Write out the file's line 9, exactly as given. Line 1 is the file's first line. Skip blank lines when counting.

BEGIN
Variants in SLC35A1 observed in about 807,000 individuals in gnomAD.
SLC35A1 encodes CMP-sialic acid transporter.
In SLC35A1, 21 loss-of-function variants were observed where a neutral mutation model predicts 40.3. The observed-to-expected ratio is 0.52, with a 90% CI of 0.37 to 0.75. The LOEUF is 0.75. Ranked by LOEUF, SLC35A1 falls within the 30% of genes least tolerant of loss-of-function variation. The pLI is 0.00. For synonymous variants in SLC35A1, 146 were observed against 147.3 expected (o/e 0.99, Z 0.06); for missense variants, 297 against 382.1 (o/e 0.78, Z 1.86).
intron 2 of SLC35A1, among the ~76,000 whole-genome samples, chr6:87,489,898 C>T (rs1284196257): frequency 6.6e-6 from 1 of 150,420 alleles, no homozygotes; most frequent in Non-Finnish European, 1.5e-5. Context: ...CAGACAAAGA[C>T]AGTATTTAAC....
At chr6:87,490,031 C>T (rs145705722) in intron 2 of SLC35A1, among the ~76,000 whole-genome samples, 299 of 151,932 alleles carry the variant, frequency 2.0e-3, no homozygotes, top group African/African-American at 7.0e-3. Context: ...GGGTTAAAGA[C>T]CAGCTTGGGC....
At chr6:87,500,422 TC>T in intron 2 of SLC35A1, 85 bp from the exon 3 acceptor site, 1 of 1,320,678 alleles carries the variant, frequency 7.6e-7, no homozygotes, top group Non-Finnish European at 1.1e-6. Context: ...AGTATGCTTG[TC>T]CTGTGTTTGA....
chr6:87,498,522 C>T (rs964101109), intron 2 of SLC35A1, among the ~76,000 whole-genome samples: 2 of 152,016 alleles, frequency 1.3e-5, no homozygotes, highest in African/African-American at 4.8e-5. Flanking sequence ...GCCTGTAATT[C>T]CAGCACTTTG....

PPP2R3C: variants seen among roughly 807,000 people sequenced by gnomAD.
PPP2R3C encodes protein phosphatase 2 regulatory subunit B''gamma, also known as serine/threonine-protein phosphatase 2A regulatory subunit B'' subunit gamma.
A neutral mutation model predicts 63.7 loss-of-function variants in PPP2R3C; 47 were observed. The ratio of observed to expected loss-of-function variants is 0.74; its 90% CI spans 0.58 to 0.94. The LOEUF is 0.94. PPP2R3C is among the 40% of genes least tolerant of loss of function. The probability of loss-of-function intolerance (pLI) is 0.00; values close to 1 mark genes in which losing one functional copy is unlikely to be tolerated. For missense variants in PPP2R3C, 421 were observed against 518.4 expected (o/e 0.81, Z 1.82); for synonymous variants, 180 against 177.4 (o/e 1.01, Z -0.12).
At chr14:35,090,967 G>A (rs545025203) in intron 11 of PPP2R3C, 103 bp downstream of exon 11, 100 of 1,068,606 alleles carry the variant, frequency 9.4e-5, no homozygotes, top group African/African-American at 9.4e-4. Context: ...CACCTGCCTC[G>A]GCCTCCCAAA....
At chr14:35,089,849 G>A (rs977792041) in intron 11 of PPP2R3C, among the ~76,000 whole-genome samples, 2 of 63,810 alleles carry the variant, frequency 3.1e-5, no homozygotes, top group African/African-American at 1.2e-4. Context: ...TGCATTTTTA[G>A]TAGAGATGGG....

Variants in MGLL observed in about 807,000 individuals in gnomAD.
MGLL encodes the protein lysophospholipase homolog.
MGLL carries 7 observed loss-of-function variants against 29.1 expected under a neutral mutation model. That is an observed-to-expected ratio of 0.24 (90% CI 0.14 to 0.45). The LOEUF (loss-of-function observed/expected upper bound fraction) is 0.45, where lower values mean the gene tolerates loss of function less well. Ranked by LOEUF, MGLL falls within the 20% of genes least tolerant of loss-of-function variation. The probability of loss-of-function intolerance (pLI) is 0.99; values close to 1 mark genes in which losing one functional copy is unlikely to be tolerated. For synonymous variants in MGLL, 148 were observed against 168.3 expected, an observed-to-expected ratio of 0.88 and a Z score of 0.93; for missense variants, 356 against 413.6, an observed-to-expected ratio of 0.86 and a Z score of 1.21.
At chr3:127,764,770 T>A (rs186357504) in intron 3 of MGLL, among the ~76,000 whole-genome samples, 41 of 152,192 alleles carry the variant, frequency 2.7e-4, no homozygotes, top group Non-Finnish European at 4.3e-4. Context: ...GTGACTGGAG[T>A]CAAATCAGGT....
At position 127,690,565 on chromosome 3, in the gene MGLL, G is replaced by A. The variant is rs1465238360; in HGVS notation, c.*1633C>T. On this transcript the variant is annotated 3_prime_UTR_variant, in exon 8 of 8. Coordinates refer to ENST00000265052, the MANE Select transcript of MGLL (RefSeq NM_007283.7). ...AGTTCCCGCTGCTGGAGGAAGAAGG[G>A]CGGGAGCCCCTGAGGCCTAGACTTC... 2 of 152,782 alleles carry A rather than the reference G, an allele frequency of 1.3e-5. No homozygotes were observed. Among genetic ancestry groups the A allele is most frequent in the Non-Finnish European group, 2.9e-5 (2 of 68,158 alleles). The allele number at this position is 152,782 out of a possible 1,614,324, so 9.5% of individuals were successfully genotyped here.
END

PPP2R3C encodes protein phosphatase 2 regulatory subunit B''gamma, also known as serine/threonine-protein phosphatase 2A regulatory subunit B'' subunit gamma.